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Meet Your Teacher

Teacher Profile Image

Nick Cave

Experimenting with creativity!

Teacher

Hi I'm Nick Cave, nope, not that one (the famous cult singer, formerly of The Bad Seeds) in case you're asking.

In the last few years I've loved playing around with quirky and interesting animation commissions I've been lucky enough to work on, which has meant being able to experiment and create with software like Adobe Animate, Photoshop, After Effects and now some great iPad apps, such as Assembly, Affinity Designer, Affinity Photo, Core Animator, Alight Motion, DoInk and Procreate.

I'm even being called, 'The Animator' now, but unfortunately I don't have any cool catchphrases like, 'I'll be back!' Guess I could adopt one like, 'I like to snack' (umm.. probably needs some work!)  

I've tried my hand at game and mobile app development, create... See full profile

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Transcripts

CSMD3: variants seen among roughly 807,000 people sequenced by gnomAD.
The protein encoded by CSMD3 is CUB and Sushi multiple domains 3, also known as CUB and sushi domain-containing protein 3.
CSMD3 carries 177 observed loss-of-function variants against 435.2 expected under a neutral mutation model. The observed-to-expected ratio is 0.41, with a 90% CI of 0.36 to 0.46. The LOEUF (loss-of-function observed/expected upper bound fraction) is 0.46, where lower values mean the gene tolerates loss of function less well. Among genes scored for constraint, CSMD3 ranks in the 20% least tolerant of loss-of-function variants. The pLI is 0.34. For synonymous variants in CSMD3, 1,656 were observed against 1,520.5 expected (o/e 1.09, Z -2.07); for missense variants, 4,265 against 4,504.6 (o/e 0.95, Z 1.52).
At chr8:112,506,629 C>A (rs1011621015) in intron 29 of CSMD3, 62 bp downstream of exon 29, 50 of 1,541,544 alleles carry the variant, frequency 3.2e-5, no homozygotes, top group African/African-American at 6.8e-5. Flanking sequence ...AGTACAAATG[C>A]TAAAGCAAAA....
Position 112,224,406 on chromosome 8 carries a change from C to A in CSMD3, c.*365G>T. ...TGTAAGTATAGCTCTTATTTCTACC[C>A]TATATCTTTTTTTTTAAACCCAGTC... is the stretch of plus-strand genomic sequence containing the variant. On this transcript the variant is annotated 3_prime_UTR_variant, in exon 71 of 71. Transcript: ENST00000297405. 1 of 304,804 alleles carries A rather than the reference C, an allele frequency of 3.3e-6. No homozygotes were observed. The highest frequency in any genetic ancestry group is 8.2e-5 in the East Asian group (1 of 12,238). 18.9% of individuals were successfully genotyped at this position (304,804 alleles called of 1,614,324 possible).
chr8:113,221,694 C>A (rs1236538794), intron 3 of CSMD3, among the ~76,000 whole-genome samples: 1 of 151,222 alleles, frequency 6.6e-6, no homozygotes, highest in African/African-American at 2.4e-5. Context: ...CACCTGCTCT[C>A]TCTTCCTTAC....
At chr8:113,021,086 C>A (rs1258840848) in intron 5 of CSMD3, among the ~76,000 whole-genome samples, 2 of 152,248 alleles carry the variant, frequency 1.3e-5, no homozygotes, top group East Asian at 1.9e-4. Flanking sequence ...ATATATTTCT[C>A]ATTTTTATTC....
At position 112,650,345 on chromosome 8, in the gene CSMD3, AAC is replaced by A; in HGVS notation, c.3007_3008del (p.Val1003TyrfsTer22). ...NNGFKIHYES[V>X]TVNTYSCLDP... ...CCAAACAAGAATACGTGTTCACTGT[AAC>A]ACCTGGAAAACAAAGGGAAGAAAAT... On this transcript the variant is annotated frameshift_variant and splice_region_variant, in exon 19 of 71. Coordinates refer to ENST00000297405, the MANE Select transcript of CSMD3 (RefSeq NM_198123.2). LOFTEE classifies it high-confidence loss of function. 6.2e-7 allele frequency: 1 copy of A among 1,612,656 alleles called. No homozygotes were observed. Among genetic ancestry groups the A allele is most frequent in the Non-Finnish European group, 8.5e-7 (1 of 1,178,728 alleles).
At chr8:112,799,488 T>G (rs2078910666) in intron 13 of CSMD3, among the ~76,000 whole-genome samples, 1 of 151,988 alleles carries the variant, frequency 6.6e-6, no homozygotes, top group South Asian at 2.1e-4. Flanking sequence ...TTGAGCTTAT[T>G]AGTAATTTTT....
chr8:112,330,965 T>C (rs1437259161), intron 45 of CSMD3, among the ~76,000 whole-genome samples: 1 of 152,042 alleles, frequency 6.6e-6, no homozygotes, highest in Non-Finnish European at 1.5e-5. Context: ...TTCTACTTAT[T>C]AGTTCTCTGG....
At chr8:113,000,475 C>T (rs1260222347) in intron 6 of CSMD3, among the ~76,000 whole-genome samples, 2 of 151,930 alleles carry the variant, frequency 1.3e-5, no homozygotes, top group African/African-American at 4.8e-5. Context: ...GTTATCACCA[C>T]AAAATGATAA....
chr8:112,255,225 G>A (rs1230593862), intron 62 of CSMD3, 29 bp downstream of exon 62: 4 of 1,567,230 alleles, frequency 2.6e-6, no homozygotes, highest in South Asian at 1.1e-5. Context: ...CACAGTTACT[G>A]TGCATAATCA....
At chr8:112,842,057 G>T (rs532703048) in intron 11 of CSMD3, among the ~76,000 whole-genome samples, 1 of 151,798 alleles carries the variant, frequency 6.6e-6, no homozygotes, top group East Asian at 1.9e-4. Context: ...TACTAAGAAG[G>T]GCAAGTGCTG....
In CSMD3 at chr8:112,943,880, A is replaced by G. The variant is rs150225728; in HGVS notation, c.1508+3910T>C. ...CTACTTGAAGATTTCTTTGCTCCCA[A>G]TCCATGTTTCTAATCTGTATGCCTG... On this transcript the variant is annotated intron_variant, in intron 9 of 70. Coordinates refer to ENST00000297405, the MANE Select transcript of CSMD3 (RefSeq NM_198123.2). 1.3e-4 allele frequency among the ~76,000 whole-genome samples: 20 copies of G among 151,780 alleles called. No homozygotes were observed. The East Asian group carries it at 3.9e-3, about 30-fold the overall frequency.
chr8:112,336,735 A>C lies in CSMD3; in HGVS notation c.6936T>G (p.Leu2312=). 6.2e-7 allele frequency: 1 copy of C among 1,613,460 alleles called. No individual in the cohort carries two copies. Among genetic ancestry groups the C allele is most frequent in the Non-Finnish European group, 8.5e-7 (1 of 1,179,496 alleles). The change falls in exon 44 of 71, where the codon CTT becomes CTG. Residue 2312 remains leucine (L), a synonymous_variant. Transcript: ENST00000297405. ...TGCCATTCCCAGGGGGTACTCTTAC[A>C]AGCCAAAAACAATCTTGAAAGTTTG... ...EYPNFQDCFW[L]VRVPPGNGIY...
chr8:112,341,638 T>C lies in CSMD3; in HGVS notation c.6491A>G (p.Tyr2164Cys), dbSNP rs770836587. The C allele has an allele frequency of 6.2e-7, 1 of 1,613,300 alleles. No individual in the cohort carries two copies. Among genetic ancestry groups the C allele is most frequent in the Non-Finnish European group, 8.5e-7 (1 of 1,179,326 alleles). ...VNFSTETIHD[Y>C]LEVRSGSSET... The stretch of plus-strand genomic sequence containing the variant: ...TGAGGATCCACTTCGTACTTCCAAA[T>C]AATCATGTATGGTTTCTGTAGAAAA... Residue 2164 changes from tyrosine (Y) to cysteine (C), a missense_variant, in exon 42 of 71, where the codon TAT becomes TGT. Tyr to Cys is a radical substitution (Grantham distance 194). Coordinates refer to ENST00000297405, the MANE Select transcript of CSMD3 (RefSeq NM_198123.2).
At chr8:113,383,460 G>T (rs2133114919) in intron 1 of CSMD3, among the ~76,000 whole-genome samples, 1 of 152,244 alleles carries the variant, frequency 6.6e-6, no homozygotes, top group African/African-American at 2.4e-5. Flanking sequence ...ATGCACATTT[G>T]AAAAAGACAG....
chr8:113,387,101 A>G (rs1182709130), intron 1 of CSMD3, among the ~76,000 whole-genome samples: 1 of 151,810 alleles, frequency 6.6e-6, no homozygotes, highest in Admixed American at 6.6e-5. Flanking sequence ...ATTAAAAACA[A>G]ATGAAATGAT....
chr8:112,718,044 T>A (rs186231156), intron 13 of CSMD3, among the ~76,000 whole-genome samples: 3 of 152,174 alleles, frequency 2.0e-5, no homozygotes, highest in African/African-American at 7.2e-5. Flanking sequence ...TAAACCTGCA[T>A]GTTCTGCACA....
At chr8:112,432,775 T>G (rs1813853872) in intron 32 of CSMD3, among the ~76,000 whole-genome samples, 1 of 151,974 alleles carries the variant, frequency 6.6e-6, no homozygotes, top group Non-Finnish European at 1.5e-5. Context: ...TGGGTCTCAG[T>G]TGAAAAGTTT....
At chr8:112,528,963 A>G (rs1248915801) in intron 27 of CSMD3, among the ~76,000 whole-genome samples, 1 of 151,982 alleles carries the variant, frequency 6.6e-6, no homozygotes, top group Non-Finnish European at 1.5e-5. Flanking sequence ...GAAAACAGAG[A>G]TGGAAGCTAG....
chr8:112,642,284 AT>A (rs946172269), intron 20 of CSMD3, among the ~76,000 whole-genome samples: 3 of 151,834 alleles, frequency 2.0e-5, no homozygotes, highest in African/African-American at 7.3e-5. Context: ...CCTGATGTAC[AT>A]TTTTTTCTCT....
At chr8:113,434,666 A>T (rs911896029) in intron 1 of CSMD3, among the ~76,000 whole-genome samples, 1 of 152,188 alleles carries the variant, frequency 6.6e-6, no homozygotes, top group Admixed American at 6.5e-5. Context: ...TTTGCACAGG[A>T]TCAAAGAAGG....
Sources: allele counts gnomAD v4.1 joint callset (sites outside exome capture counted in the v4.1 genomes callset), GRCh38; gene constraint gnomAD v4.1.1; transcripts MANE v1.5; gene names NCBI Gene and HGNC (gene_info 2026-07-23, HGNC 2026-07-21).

1. Course Introduction: I am Nick on my code and I animate I just love using my iPad to create things which is one during this course, because I'm gonna use affinity designer on the iPad to create a lot of monsters. Six, in fact, that we can use in the free online week editor tools, which is really good because you could just do some simple code. Makes something like a randomizer, as you can see here. And then we can move on to take a little horrible sketches. So I start with something like a triangle man made out of triangles and move on to make a monster, too. Simple shapes. Eventually you'll make six months. Slice them up, ready for use in the free week. Editor. I've been using Adobe Flash and now animate for years to create simple animations and games . So it's really good to see this Free Alton, which is browser based. It's called The Wick editor, and you can do things like use clips, which actors movie clips. He can use buttons to code, and you can write things using simple Java script so I can't wait to get started and see your cool looking monster animated GIFs 2. Making Your Monster Project: So here comes the fun part. Yes, making your project. Of course, we're looking affinity designer on the iPad and make lots of months six, in fact, which will slice up into lots of different paths. Then I'll show you how to use these monster parts in the week. Editor In The Week editor, you'll be able to code a simple randomizer game. The monster randomizer works by mixing at the heads, legs and bodies. A great feature of the Week editor is that you can then take your animation on export to intern animated GIF. This will then become your project, which you can share with others on Scotia, and the beauty of it is that you can use many things to make your project. But whatever you choose to use, I'm sure your project will look just as great. 3. Making a Monster Head and Body in Affinity Designer: Yes, As you can see here, my sketches are a little bit ropey, so I prefer to work digitally from the off. So I'll open a finicky designer. Just take a simple triangle shape and make a monster out of that. You can see here that this whole monsters made out of lots of different triangles thin. I'll start moving on to make my main monsters, and I use art boards at 10. 80 by 10 80 pixels. So I got a reference picture of a monster that I want to use. I'm just gonna play set on the canvas and resize it accordingly. Theun, once I'm happy with its position, are going to the layer properties just reduced capacity and lock that so, in order to create my months, trump this using simple shapes here, up on the lips, under us bending and stretching it to fit the reference picture. But I use triangles to create spikes on the side and the top of the head. Why? Your jury can do things like use gestures as shortcuts. So if you capped two things on the screen with your other things, just drag the triangle. You'll see that it's copying and pasting it into different layers. Once I'm happy with my spikes for the left hand side could just copy those flip them and I've got the right hand side. Just keep repeating this process until you're happy with the positioning of the look of the spikes going to individual ones, bending ball shaped them, and then you can move them around just to get the ideal shape that you want. Once you're happy with all the shapes and the look and feel of the heading drawn, go into the layer. Slide your finger to the right to select a lot different shapes that you want to join together. Then go to the top of the screen and you'll see three little dots. If you press that you can then add them all together. This mergers and joint all shapes to get giving you both the head and body as one individual shape 4. Making Monster Legs and Arms in Affinity Designer: So now you've got your head and body ready. You can go on to create the legs, so I'm just gonna use the pen tool and just gradually trace over the leg that got as a reference picture. So once I've drawn the leg and closed the shape or color it green, using the colors from the color palette and I'll slowly refine the shape until I'm happy with it. So to make the clause, I changed the color to red and just use a triangle tool which have curved a little bit to give it more of a claw like quality. Then I duplicated it twice. And then you got three clause on the top of your leg, then, having finished, if you group clause in your leg together, you can then copy it, paste it and flip it, and you've got another leg. Now, if I was going to use this figure of a monster for animation, just keep the legs separate on different layers. But in this case, I'm gonna merge the legs together with bodies. Just rearrange some of the layers together so they can then select the legs and the body and make it into one shape. You can see that I'm joined them together just by adding it from the top menu. Let's make some arms. Now. I'm gonna use the rectangle to finish. Just bend it a little bit to get the basic shape of the arm that I use my circles trust stretch out to make the fingers that I can join them all together. That makes the hand in the arm. And then I can duplicate this. Flip it and you've got two arms. And then, finally, I'm going to select all the arms on the body that I created with the legs before use the top add menu and join them all together. 5. Making The Monster Face in Affinity Designer: So now let's make the face and we'll start with the eyes eyes a really easy to do because I can just use a circle, which I duplicate two or three times just changing the color and stretching it and twisting it. When you do this, you can see that you're gradually building up the inner eye, the outer I Onda pupil. And then when you color it red and put an outline on the outside, you got one eye. Then we need to do is group those shapes Copy and paste didn't flip it again. And then you've got yourself to eyes and to make the mouth, I'm gonna use a similar technique of using initially a couple of circles, which are duplicating and changing colors off. But then you'll need to have some teeth. The teeth. I'm just going to use a triangle shape, bend it a little bit, copy and paste it resize some of them on the look, a range of teeth inside the mouth, so during the tunnel is a little bit more fiddly. But I just use a circle shape again, which I put some curves on. You could see that I'm just bending in the middle. Just moving the pen tools a little bit at the top. Once you bent, it gradually got kind of heart shape, which you can then stretch, and it forms the tongue so you can see just by using simple shapes you've managed to create , although parts of your first monster. So you got the head in the body, which you joined together with the legs and the arms, and now you got the eyes, the mouth and tongue. 6. Creating More Monsters in Affinity Designer: now you created one months to be. You'll need to create some more for the game. In order to get some inspiration, I tend to go to sites like Pinterest Theun, an Infinity designer. I'll go through the similar process to how I created the Green Monster. So for the Brown one, I've got lots of shape. Same for the purple, the blue town. And so when you get the idea and for each one or create not border when you want to ride to Newark board, just use the menu options of the top. Then, at the bottom of the screen, you'll see a button that says, Insert dartboard. Press there and you got a new outboard canvas on from the layers men you can just go into. Choose the options and rename the art board whatever you want. In the next video, you learn how to export and slice it. The monsters into individual parts 7. Slicing and Exporting Monster Parts in Affinity Designer : when you're ready to export your monster designs. First of all, go into the alignment tool which confined on the right hand side and make sure they're centered vertically and horizontally and because we want to use all the picture, including all the backgrounds were first of all need to flatten them. So you were in the layers menu. You can look at the top on the second icon in is like a stack. Claire. If you choose that, you can rest arise each one in turn. Once the monster designs Airil flattened, we're gonna need them several times because we're going to slice them into top, middle and bottom. So when you're on one say, for instance, you got the monster just duplicated twice, never gonna rename it wants to one head monster, one body, a monster, one legs. I'm gonna repeat this, but each of the different designs that you've got eventually you'll have duplicates of all six designs. As you can see here now, you'll need to switch over to the export percentage from the top menu and choose the layers from the right hand side. So, for instance, once you're a monster head, you can create a slice for that, just resize it, so it's only showing the head and do the same for the body and the legs. Then you need to repeat the process for each of the different monster designs. Onda affinity designer makes this process a little easier because when you're creating each lives for the new picture, you want to just align it to the one that you don't before it snaps into place. So you'll find that all the head should be the same size, all the bodies and all the legs. Once you created all your slices, you'll want to choose what type of picture you want to export U. S. So I've chosen J Peg Best quality on the folder I'm going to export it to is the monster parts demo for purposes of this class, then you can just press export or a loyal slices will export into that folder. And if you open that folder, you can see them already a sliced parts. You got legs have got heads, bodies. All the different monsters have been sliced into individual parts, ready so that we can import them into the wick editor and make our game 8. Overview of the Shapes Tool in The Wick Editor: So now we're going to look at the actual wick editor itself by typing in wicked dot com into any browser, then just press on the great linked to open the editor itself. Pressing on the top right hand corner on the gear car brings up the second for the project , and you can change its name or frame rate or even canvas size. And if you look at the top left hand menu, you can see a range of drawing and shape tools that you confused makes a really good animations. You can start drawing on the canvas by using something like the brush tool, and you can manipulate its size and color and stroke. And then you got the pencil tool redid the pencil tools When you join lines, you can then fill it with a color, and that filled becomes its own shape and as well as the brush in the pencil tour, you've got shaped tools like the rectangle, and then you can circle tall. Then you got individual lines, and the great thing about the individual lines that once you've made them, you gotta shape manipulate a tool. You can just bend them out. But I mean, and then you can use the filter with the color of your choice to fill it to fill of red, and then you can use the arrow tool just to move it out. So the fill in the stroke remains two separate things. But of course it's great as well, because I conjoined different shapes up in a circle shape here, which are just manipulated. Then I'm gonna move the triangle. Laver just moved. It resized it. You can see immediately that's underneath. It's difficult to see, but on the top the same tools which mean you can bring it to the front. And then I can copy and paste. It not only continue shortcuts that you normally use in a windows keyboards such as control , see to copy, give him on a tablet, don't have that facility necessarily, So I can use to see in the pay of top just copy and paste it. And then I could also use these tools to flip it, and eventually I can then group them all together and join them together. So it becomes one shape that could be my monster head. Well, Christmas drill, some other kind of shape 9. Overview of Clips and Timeline in The Wick Editor: so all the shapes you drawn so far have been on the main timeline. But if you click on any shape and use the inspector, you can then make it and turn it into a clip of its own with its own timeline. And if you then edit that clip's timeline, you can do things like cutting paste it change its color, change its size to make a little animation of its own. Now, if you press play on the main timeline, you'll see by default that the clip that you just set up is playing automatically. You can change the settings of that from the right hand side, inspector. So if you play once, for instance, and then press the play again, it will only play that animation once. So what I like about the Week editor as well as its got a technique called Tween ing. Training is used when you want to make an animation but don't want to make it frame by frame. It means you can have a starting position, say it frame one, and another position of frame 12 on the computer will work out a way. The frame positions in between. If you then move that object up and down France's now on the squares layer, you can see some black diamonds. These indicate positions there are between the object and all that means is like a move it . I can rotate it on where the Tweens is showing. The computer will work out the positions in between, so I don't have to on each frame, change that position. I could just move it down, for instance, on the first dream or middle Tween, and the computer will work out the positions in between so you can see here on the first train. It starts, talk the middle, it rotates, and in the end it goes right down to the bottom. And just by playing around with the settings, say, Fritz of the frame rate, I could make the animation slower or fastest, have changed it to 12 which means animation is slightly slower. Now. When I'm playing now that the circles of clip I can click on the surf and then from the Inspector, I can go into the scripts and start Cody. You can see here that the coding editor window has popped up on the weekend. It is great because it allows you to code in a programming language called Java Script. This is a programming language that's used by modern Web browsers and games, and it means you're able to run your game in a Web browser. And on the left hand side of the code editor got a reference section, which should help you when you're trying to write some code for the first time. So, for instance, if we go to the timeline section on the left hand side, you see that you got lots of commands that you can just click on. So, for instance, if you use a go to in stock command and you put a number off the timeline in the brackets when you play the movie, the play head will just move to that position on the timeline. But if you then go back to the coding editor and you put the name of the green circle in front of the go to in Stock command, the main timeline will players normal. But the stock command will affect only the clip. So, for instance, the green circle here, as well as being able to draw on the main timeline, I can also import external images into the wick editor, and I can put these on the timeline. So here's a monster clip that great from the unity designer earlier have upload. It's a weekend it's now added it to the main timeline, and you can resize and reposition the monster picture as well. And you can put this on its own layer as well. This is really useful tool because when you're doing animation, you want to be able to separate out different elements on different layers, and this means you can get really creative with this. So, for instance, have drawn a monster directly in the week editor. And then I separated it into many different layers and made it go really mad with Tweens and lots of layers. 10. Setting Up Your Monster Game Characters: Let's have a look at what we need to create. In order to make our game. We're gonna set up a monster character clip, which comprised of three layers, the three being the monster head, the bodies and the legs. Inside each of these clips, there's going to be six frames of heads and in six frames of bodies and six frames of legs . Now open up the wick editor and change the project settings changed the name and then change the size of 10 80 square. There's a frame rate to 24 a background color blue. Let's no ideal monster picture parts using the upload assets to on the right hand side. Inspector Locator Your monsters not load into the week editor. Let's locate and that the monster one picture to the campus, and then we're gonna turn this into a clip on. This will become the places of our main character. Inside, this main character clip will need to add three layers heads, bodies and legs on each of these layers that have an individual clip. So here we've got the heads clip, and that's just comprised of six pictures that you put on the individual frames, so the six rains will be six pictures lined up to zero zeros at the guarantee. Send Theo and then back in the main character on the different layers. Created bodies. Clip each with six frames of bodies on the legs. Clip, also with six frames of legs. Make sure you've lined up all your three clips, so it looks as if it's one picture thing goes back to the main timeline on drag out the frame so you've got 72 in total, a 24 frames per second. This will be perfect for a three second animation, which will need to use for animated GIF when we want to export it. However, you notice that when we play the animation, the monster clips of going mad, that's because there's no code on them telling them to stop. So we learned that in the next few lessons 11. Coding Your Random Monster Animation: it's evil in that you can make fun animations within the week editor itself. And if coding seems a little bit daunting, don't worry. We're just gonna do it step by step and slowly. So the first thing we're gonna do is stop the monster parts from playing continuously. So we need to go into each clip, add a new layer and then go into the coding environment. And once the code window that threatens going to stop into timeline in the reference tap on it. And this as a stock come into that clip, this means when you play at the other, clips will continue. But that won't stop. Now. Go back into the main character, edit the timeline for the bodies. Click for instance at a stop command there and do the same for the legs. Then, when you're in the main timeline hit play, all of those individual clips will have stopped on the main timeline. It's worth creating another layer by using the plus button and calling your actions. That way, you can have your code separate from the rest of the game. Now tap on the first rain. With that, new actions opened the code window editor and start playing around with some of the commands in the reference section here. If you press, go to and stop 25 when you close the window and press the play button, you go to 25 on the main timeline. You can also use a go to in stock Command with individual clips. I'm typing in main character, Doctor. Go to and stop three here and it will try to go to frame three of the monster clip. So the reason you're seeing just Blue Square is because that monster kit only has one frame . So let's just make sure that the individual clips the head body in the legs within the main character all have names on them. That way we can access in the code. Now, if you go back to the main timeline, open the code window editor we can now use to go to and stop command with Heads clip nested within the main character. So this means when I press play again, only the Heads clip will move its own play head and to save time. When I'm Cody, I'm just gonna copy and paste a particular line, and then I'm gonna change the heads on the second line. Two bodies on the heads on the third line to lakes and then I'll just change the frame numbers in each and to go to and stop Commons. Now, in a press play, you'll see the heads, the bodies and the legs go to and stop different frame numbers. I'm gonna be using something called Variables now to make my coat more efficient. So you can see here typing C equals main character. This means See will now have a reference to the main wants to character. And then I can also do something like character parts again, this is another variable. I'm gonna turn this into a little list, so I'm gonna contain the heads, the bodies on the legs in that list. This means within code Aiken Reference and at a later stage. So at this stage, how many just declared the variables? It doesn't affect how the game's running at the moment. So I'm making uses something called a four loop. So loops three times to reference heads, bodies and legs from that character parts list or array, as it's known in Java script. So I'm playing this, but nothing's actually happening. Wonder why? So I'm gonna have to go back to the coded. Just do something called debugging to have a look at the code and inspect what's actually having a I can see on the character parts online. Five. I haven't got a reference to any of the things in their race. It's not actually able to access the heads, bodies and legs clips. So I just treat that character parts code in line five to work and equal bill to access on each loop. Heads, bodies and legs clips. Don't worry if you don't understand this because basically I provide the code and resources you can just copy and paste and put it in this particular part of the timeline. So now if I close the code window and play it should we have to see that allow the clips will go to frame three, and there they do. That's because I didn't go to in Stock Command in the loop, just a frame three. But wouldn't it be great if I could just randomize how those clips appear? And they don't just go to the same friend and breach time? Well, I can because on the left hand side, you see a random in the reference section. If I click on random interview, you see it goes to one comma. 10. If I changed it to one calmer, six will then randomize from one, as in frame one to frame six Onda. We can even wrap this code up. This four loop in a function functions a really good because thes air like self contained code, which we can call upon later stage, saves you having to repeat the same code over and over again. But your notice now when I press play again, nothing actually happens. The monsters not moving. Nothing's happening, and that's because I need to actually call the function. It's called Randomized Monster. So let's just typing randomized monsters with two brackets. And then when I play it again, it should work. It does. Sure enough, it's randomized, different parts of character. So you had probably spending there with all these coaching principles of introduced you two variables functions, random loops, etcetera. If you want to find out more, it's good to go to things like an external site like a website. Like every three schools we can lend, allow JavaScript commands and just use them. Copy and paste them, and then you can bring them back into the code editor. And this is exactly what I did with the set Interval Command. Basically, at the moment, you can only play the game months as innit? Randomize is once, and it'll keep minimizing only when you press play. But what wanted to do is to do it by itself so you could do something like set interval, which would basically call this function. It's randomized monsters every so often, and it doesn't milliseconds. 1000 is everyone in second. So we put the function in into the command like randomized monsters and set it at 1000 every time we play it. Now it's a randomized every second. This is a strange thing because when I played the actual animation, nothing's happening. So let's right click. We could do that on any website and inspect the elements. We concede there is a problem. It can't find the variable random. It's obviously thinking that the random function is a variable, and I can't find it because I'm declared it. So let's go back to our drawers page to to Ro Page and find a better example of a random command. So I go ahead now and I copied it. And I'm going back to the code editor window. And I'll never replace the random interview function with the new job, skip function of hand on the website and just tweak the settings a little bit so that the randomized work perfectly. And sure enough, when I play it, it's now doing every second sits randomize ing the character parts every second, and the beauty of animating in code is just change the settings from 1000 milliseconds to 500 and that will make my animation a lot faster. That's really good. And finally, I'm just going to assign a variable that random function. So here, I'm gonna call it random character parts to sign it, too. That math law function, which are copy and paste, go to stop inside the brackets. Once you've signed pasted in, I can then just copy the random character parts. Put that inside the brackets go to install. You don't actually need to do this because it will work without doing. This is just my preferred option to make it easier to read, and that's it. You created your monster character, random ionization, and you've done it using only 10 lines of code. Fantastic 12. How to Export Your Monster Animation As An animated Gif: So now you've done it. You created your six monsters and affinity designer, and now you've animated them with code in the week editor. Way you need to do is to exploit our animation is an animated GIF and using the Wick editor export functions. It's really easy to do. But first of all, let's change your settings to something like 500 by 500. Call it something that means something to you and then apply on. Then you just need to resize your monster character, your main character, just by selecting it and using handles around the edges, just resize it into the center off the canvas, top on the export function above the inspector and then choose advanced options to change the size to 505 100. And then all you need to do now is press the export gift and wait for the magic to happen on day after a short while, your animated GIF is created in your Downloads folder. Enjoy 13. Final Thoughts: Making a Game: So The Week editor is great for creating animated GIFs but can also create games and other animations on it, and you can use a multitude of devices, including an iPad. So in the project section of this skill share course, I've created a games fall. It's basically Sourcefire for this game, and I created it as a ZIP file so that you can have a look at it and analyse the code. And you can play on your iPad or your PC, and just to see how it's constructed And remember you confined code on timeline, frames, buttons and clips. You'll see also that the same animation on this game, the cards when you move on, go from right to left and is actually no Tweens or any frame animation going on. It's purely done in code, and a lot of the co commends have used the ones you've used before. So it's worth experimenting to see what different ones do and then have a play it making your own game. It's really good fun, and you can just experiment. Try it. Some animations, try us and code and enjoy it. It's great fun